Sometimes people find humor in pretty unusual places.

New Jersey native Curtis Raye has found it in public records — applications for building permits, congressional dining hall menus, letters citizens have written to the president.

Raye has created a show around these records that includes bluegrass music, and he’s bringing it to Montclair’s Theater at the VTC.

“FOIA Love: A Comedy and Bluegrass Show About Public Records” runs one night only, on Saturday, July 23, at 7:30 p.m.

“It's not a play,” Raye, originally from Wantage Township, said. “It's not like you're watching Shakespeare or anything, it's like when you're watching ‘The Daily Show,’ they’re explaining and they're teaching and they're making you laugh.”

Raye uses a mix of public records to try to give his audience a fresh outlook on them.

“I've done hundreds of hours of research through real, actual public records, and I look for the most interesting and funny ones,” he said.

Raye finds creative ways to present these records by employing fellow comedians and PowerPoints to lightly poke fun at historical figures.

In a clip shared with Montclair Local, a particular skit dedicated to letters written to FBI Director J. Edgar Hoover is acted out with four comedians while photos appear on the screen that combine the historical documents with modern pop culture images.

Curtis Raye, writer of FOIA Love, performing at a show. (CURTIS RAYE)
Curtis Raye, writer of FOIA Love, performing at a show. (CURTIS RAYE)

Creating a show about public records not only takes hours of research, Raye said, but also a belief he can convince audience members that they’ll find something funny about Freedom of Information Act and Open Public Records Act requests.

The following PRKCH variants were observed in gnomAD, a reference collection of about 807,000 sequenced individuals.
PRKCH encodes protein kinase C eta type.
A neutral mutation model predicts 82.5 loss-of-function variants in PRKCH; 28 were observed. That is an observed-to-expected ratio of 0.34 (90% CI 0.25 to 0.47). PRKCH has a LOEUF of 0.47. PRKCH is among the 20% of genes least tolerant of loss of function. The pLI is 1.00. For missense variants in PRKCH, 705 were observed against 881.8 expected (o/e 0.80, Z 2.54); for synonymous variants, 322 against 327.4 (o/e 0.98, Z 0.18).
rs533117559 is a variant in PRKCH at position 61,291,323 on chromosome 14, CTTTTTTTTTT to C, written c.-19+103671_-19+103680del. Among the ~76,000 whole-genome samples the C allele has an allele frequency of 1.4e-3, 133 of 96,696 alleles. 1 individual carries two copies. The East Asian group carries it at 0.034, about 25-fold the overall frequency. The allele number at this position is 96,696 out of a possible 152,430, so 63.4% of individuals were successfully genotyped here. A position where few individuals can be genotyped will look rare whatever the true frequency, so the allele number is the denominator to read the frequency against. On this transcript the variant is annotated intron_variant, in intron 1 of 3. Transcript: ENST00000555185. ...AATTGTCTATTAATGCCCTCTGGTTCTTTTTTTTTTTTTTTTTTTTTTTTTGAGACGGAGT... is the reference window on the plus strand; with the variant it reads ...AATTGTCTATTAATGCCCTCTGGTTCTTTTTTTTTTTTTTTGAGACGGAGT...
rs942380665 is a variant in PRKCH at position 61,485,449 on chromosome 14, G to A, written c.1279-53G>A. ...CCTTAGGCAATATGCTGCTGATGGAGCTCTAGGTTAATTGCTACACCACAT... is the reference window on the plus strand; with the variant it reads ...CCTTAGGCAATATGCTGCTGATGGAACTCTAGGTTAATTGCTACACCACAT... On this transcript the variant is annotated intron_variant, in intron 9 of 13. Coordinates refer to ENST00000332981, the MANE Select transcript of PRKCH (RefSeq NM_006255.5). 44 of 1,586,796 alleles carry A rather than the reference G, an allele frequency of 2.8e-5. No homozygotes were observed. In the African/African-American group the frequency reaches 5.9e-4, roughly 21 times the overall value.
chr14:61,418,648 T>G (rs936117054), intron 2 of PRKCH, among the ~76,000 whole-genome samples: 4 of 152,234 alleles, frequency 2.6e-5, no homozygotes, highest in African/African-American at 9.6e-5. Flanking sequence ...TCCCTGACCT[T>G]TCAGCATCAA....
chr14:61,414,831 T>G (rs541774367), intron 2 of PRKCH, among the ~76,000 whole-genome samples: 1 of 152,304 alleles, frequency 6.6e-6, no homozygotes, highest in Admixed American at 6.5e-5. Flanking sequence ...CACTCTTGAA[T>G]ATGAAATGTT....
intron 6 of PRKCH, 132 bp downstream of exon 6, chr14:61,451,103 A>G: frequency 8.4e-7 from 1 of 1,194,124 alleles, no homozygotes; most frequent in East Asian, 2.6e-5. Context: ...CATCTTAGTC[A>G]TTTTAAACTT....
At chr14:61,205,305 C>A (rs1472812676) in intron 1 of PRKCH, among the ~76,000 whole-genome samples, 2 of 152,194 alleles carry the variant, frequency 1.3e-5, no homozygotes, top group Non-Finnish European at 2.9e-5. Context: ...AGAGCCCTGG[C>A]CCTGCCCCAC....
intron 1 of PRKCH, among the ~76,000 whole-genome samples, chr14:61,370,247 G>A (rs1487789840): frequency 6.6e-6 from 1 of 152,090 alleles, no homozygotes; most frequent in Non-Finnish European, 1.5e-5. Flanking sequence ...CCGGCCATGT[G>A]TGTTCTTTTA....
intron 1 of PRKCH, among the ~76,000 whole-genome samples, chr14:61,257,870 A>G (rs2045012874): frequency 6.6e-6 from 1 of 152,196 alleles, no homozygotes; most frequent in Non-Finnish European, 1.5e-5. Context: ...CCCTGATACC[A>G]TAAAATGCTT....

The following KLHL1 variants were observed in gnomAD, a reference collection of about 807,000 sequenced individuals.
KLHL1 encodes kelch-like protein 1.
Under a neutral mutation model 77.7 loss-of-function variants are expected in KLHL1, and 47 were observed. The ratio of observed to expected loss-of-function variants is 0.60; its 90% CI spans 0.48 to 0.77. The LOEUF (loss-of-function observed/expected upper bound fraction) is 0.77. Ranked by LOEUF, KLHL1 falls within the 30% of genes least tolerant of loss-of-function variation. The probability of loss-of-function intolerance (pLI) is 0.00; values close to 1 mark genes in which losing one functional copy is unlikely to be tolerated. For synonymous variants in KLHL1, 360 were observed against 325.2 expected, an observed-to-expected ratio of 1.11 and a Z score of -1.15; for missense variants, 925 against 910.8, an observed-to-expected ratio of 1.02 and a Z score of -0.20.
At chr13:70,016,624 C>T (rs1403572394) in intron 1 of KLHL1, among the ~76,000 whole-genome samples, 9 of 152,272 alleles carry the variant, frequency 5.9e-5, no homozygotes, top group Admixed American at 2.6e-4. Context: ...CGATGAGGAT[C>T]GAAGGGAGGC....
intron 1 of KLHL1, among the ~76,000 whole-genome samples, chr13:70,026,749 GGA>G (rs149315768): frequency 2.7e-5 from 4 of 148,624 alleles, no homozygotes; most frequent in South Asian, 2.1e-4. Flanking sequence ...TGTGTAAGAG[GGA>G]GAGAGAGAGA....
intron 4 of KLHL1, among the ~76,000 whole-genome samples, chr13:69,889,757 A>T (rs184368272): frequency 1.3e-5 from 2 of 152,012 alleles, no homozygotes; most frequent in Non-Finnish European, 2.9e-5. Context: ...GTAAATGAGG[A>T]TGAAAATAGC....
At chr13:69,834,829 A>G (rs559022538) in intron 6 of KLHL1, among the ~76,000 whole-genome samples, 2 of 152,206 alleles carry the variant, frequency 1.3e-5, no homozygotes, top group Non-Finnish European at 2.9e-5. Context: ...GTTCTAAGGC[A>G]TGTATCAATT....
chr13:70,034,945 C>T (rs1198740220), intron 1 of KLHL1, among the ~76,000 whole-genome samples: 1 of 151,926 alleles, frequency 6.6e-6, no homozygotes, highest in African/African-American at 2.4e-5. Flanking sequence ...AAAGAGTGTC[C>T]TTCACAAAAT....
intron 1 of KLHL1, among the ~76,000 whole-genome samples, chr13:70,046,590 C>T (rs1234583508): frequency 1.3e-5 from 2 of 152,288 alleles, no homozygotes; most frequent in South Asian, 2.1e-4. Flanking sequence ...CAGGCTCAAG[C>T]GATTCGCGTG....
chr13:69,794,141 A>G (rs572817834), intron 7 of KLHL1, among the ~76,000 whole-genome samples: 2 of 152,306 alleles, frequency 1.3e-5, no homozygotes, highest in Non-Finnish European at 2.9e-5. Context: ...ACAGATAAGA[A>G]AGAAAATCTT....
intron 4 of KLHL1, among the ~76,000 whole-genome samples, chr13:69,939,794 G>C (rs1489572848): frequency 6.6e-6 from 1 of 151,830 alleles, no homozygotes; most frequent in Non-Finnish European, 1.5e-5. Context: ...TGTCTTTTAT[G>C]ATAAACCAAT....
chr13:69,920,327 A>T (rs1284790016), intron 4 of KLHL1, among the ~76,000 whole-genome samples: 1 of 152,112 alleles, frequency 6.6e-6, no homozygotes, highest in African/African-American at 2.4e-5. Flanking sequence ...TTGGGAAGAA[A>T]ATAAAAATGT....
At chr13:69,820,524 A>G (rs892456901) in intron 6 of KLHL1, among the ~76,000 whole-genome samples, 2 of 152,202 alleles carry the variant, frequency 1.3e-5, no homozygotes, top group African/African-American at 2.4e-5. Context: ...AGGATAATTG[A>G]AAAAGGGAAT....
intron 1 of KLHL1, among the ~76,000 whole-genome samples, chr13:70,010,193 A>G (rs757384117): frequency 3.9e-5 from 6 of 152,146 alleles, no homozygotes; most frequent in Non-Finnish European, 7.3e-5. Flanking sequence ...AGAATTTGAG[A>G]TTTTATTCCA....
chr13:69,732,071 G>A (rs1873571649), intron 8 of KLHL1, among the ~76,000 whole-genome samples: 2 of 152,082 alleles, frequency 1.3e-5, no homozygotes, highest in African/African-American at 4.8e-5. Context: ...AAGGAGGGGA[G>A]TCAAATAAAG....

But he is sure that his show will have something for everyone.

“The name of the show was a night of comedy rather than, like, a night of big, big, boring research or something like that,” he said.  “People like comedy, and I know that they will like public records. They just don't know it yet.”

Seeing the show is akin to watching stand-up comedy, with the performers playing off the specific characteristics of the public records, including incorporating the “redacted” information in a record and employing exaggerated accents. Among other topics, the show can include FCC complaints about “The Big Bang Theory,” FBI profiles of athletes and FTC complaints about dating profiles. 

The show also doubles as a bluegrass concert with a performance by Chris Luquette, which Raye says works in his favor. 

Performer Chris Luquette (JUSTIN CAMERE)
Performer Chris Luquette (JUSTIN CAMERE)

“That's why I also include music in the show, because at least I can trick people,” he said jokingly. “I can trick people into being, like, ‘Oh, I like music. I don't care about public records. But oh, banjo, cool.’”

The Theater at the VTC is at 180 Bloomfield Ave. For more information and tickets, visit